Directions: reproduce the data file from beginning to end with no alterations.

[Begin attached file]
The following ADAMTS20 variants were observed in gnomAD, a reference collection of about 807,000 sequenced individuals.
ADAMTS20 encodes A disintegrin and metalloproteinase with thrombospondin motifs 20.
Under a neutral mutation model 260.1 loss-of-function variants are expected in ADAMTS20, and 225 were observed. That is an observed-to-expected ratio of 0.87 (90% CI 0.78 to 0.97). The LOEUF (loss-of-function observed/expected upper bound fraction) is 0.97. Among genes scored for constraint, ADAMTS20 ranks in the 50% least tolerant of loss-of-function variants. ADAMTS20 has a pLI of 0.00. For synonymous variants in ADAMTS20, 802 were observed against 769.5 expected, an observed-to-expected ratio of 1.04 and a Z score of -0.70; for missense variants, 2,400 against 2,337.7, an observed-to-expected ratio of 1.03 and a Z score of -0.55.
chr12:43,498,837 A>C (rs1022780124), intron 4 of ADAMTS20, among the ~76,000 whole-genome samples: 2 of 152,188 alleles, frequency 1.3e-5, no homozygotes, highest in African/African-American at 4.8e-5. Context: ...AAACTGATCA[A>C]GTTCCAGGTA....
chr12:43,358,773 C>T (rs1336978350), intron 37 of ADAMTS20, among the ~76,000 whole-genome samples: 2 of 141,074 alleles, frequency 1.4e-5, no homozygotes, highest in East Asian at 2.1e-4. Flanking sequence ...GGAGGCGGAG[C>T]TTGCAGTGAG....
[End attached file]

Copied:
The following ADAMTS20 variants were observed in gnomAD, a reference collection of about 807,000 sequenced individuals.
ADAMTS20 encodes A disintegrin and metalloproteinase with thrombospondin motifs 20.
Under a neutral mutation model 260.1 loss-of-function variants are expected in ADAMTS20, and 225 were observed. That is an observed-to-expected ratio of 0.87 (90% CI 0.78 to 0.97). The LOEUF (loss-of-function observed/expected upper bound fraction) is 0.97. Among genes scored for constraint, ADAMTS20 ranks in the 50% least tolerant of loss-of-function variants. ADAMTS20 has a pLI of 0.00. For synonymous variants in ADAMTS20, 802 were observed against 769.5 expected, an observed-to-expected ratio of 1.04 and a Z score of -0.70; for missense variants, 2,400 against 2,337.7, an observed-to-expected ratio of 1.03 and a Z score of -0.55.
chr12:43,498,837 A>C (rs1022780124), intron 4 of ADAMTS20, among the ~76,000 whole-genome samples: 2 of 152,188 alleles, frequency 1.3e-5, no homozygotes, highest in African/African-American at 4.8e-5. Context: ...AAACTGATCA[A>C]GTTCCAGGTA....
chr12:43,358,773 C>T (rs1336978350), intron 37 of ADAMTS20, among the ~76,000 whole-genome samples: 2 of 141,074 alleles, frequency 1.4e-5, no homozygotes, highest in East Asian at 2.1e-4. Flanking sequence ...GGAGGCGGAG[C>T]TTGCAGTGAG....